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Surgical and Functional Outcomes After Operative Management of Complex and Displaced Intra-Articular Glenoid Fractures

Anavian, Jack MD; Gauger, Erich M. MD; Schroder, Lisa K. BS, MBA; Wijdicks, Coen A. MSc; Cole, Peter A. MD

Journal of Bone & Joint Surgery - American Volume: 4 April 2012 - Volume 94 - Issue 7 - p 645–653
doi: 10.2106/JBJS.J.00896
Scientific Articles
Supplementary Content

Background: Operative treatment is indicated for displaced fractures of the glenoid fossa. However, little is known regarding functional outcomes in these patients. This study assesses surgical and functional results after treatment of displaced, high-energy, complex, intra-articular glenoid fractures.

Methods: Thirty-three patients with displaced intra-articular fractures of the glenoid were treated surgically between 2002 and 2009. The indications for operative treatment included articular fracture gap or step-off of ≥4 mm. Twenty-five patients also had extra-articular scapular involvement. A posterior approach was utilized in twenty-one patients, an anterior approach in seven, and a combined approach in five. Functional outcomes, including Disabilities of the Arm, Shoulder and Hand (DASH) and Short Form-36 (SF-36) scores, shoulder motion and strength, and return to work and/or activities, were obtained for thirty patients (91%).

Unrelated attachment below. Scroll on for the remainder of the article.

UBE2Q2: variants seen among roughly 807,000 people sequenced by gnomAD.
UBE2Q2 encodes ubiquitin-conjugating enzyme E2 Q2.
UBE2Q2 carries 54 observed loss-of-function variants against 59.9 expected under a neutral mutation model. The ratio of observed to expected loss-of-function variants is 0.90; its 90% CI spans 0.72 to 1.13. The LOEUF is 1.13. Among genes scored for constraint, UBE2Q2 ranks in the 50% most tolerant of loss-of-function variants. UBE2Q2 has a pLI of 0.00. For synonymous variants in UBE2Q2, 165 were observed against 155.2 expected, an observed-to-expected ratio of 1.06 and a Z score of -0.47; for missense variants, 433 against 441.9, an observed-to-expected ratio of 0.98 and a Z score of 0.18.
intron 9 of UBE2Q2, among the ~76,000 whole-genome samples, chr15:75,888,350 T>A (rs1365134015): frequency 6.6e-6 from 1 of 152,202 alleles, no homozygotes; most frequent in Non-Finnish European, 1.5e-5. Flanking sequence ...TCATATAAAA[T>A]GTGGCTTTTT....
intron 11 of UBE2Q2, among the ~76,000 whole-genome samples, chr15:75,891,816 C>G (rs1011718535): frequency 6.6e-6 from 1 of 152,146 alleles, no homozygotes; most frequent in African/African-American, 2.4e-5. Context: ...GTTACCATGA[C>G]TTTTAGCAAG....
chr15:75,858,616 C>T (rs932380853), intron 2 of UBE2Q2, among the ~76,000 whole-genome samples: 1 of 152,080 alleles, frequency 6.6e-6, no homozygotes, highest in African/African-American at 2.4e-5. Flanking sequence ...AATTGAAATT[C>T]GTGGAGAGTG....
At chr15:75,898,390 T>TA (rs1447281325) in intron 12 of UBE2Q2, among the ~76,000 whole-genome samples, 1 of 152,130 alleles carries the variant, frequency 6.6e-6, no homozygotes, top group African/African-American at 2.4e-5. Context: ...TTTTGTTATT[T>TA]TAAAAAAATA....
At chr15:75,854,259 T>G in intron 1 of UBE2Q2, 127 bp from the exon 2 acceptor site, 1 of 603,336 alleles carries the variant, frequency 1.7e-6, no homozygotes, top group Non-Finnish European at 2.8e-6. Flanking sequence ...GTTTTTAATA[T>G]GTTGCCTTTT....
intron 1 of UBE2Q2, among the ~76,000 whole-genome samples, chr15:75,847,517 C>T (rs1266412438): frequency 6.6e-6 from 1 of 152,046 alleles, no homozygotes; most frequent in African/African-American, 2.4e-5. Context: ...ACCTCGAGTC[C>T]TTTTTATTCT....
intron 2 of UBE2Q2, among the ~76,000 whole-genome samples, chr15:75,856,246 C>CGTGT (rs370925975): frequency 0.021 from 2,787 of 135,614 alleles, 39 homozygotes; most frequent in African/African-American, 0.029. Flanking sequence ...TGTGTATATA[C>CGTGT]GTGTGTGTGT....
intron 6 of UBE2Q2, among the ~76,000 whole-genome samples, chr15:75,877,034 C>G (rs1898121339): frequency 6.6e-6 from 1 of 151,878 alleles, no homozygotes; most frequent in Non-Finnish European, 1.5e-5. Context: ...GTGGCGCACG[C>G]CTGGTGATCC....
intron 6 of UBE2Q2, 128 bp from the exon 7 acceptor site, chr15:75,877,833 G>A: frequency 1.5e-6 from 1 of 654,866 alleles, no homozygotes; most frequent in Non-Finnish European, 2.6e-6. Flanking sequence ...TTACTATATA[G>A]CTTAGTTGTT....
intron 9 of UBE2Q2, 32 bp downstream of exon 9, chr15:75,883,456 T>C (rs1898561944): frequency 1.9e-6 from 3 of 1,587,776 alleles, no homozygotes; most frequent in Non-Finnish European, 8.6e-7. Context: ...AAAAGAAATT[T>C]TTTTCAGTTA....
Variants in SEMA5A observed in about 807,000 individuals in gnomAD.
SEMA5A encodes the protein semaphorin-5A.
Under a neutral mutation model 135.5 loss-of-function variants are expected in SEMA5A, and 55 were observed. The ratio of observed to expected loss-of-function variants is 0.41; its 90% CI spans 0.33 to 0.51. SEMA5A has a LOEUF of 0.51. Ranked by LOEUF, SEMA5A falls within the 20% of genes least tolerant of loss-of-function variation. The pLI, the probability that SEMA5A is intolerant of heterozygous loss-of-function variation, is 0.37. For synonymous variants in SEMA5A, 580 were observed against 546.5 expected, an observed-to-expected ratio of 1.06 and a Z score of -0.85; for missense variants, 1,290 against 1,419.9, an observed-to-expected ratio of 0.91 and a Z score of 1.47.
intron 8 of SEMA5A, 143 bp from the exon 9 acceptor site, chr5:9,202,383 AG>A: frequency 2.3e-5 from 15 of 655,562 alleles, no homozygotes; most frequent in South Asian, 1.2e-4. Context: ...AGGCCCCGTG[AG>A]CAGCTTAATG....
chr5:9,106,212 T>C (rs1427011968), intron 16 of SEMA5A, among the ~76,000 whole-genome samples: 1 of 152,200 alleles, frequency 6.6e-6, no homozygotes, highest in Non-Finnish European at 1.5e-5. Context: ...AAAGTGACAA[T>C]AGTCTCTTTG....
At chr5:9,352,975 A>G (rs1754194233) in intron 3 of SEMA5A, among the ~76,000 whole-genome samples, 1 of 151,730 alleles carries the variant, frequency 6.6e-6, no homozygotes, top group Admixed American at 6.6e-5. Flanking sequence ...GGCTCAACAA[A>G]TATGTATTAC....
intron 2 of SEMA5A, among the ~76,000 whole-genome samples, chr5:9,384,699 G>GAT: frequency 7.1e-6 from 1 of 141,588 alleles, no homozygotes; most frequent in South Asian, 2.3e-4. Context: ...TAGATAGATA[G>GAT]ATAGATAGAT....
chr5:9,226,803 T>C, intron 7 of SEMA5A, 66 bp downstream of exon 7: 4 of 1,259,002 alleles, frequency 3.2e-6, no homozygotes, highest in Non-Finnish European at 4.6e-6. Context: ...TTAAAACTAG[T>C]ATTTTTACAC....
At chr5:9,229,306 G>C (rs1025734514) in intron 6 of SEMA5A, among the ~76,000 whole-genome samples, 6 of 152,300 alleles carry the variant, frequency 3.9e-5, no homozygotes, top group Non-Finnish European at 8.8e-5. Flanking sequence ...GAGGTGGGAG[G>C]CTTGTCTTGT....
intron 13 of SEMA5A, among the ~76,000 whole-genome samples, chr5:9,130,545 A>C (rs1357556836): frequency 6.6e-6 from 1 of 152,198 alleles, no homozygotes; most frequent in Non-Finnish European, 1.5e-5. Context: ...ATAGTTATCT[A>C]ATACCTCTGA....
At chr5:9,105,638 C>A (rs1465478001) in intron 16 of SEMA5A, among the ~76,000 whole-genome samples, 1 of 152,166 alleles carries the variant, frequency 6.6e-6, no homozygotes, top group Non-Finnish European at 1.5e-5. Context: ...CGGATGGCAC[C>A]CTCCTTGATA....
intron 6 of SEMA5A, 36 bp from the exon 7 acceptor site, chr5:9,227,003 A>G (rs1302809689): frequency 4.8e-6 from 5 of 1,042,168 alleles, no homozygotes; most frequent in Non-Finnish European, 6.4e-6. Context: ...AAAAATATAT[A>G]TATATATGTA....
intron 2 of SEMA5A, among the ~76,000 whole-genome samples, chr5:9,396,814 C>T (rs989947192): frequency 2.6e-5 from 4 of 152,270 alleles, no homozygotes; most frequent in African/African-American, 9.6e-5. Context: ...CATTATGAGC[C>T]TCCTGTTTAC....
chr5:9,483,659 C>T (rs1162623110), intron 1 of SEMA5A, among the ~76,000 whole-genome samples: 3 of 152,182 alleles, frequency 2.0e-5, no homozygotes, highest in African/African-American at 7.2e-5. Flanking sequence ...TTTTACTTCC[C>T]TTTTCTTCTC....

Results: At a mean follow-up of twenty-seven months (range, twelve to seventy-three months), all patients had radiographic union of the fracture. The mean DASH score was 10.8 (range, 0 to 42). All mean SF-36 subscores were comparable with those of the normal population. Twenty-six patients (87%) were pain-free at the time of follow-up, and four had mild pain with prolonged activity. Twenty-seven (90%) of thirty patients returned to their preinjury level of work and/or activities.

Conclusions: Our data suggest that surgical treatment for complex, displaced intra-articular glenoid fractures with or without involvement of the scapular neck and body can be associated with good functional outcomes and a low complication rate.

Level of Evidence: Therapeutic Level IV. See Instructions for Authors for a complete description of levels of evidence.

1Department of Orthopaedics, Brown University, Rhode Island Hospital, 593 Eddy Street, Providence, RI 02903

2Department of Orthopaedic Surgery, University of Minnesota, Regions Hospital, 640 Jackson Street, St. Paul, MN 55101. E-mail address for P.A. Cole: Peter.A.Cole@HealthPartners.com

3Steadman Philippon Research Institute, 181 West Meadow Drive, Suite 1000, Vail, CO 81657

Copyright 2012 by The Journal of Bone and Joint Surgery, Incorporated
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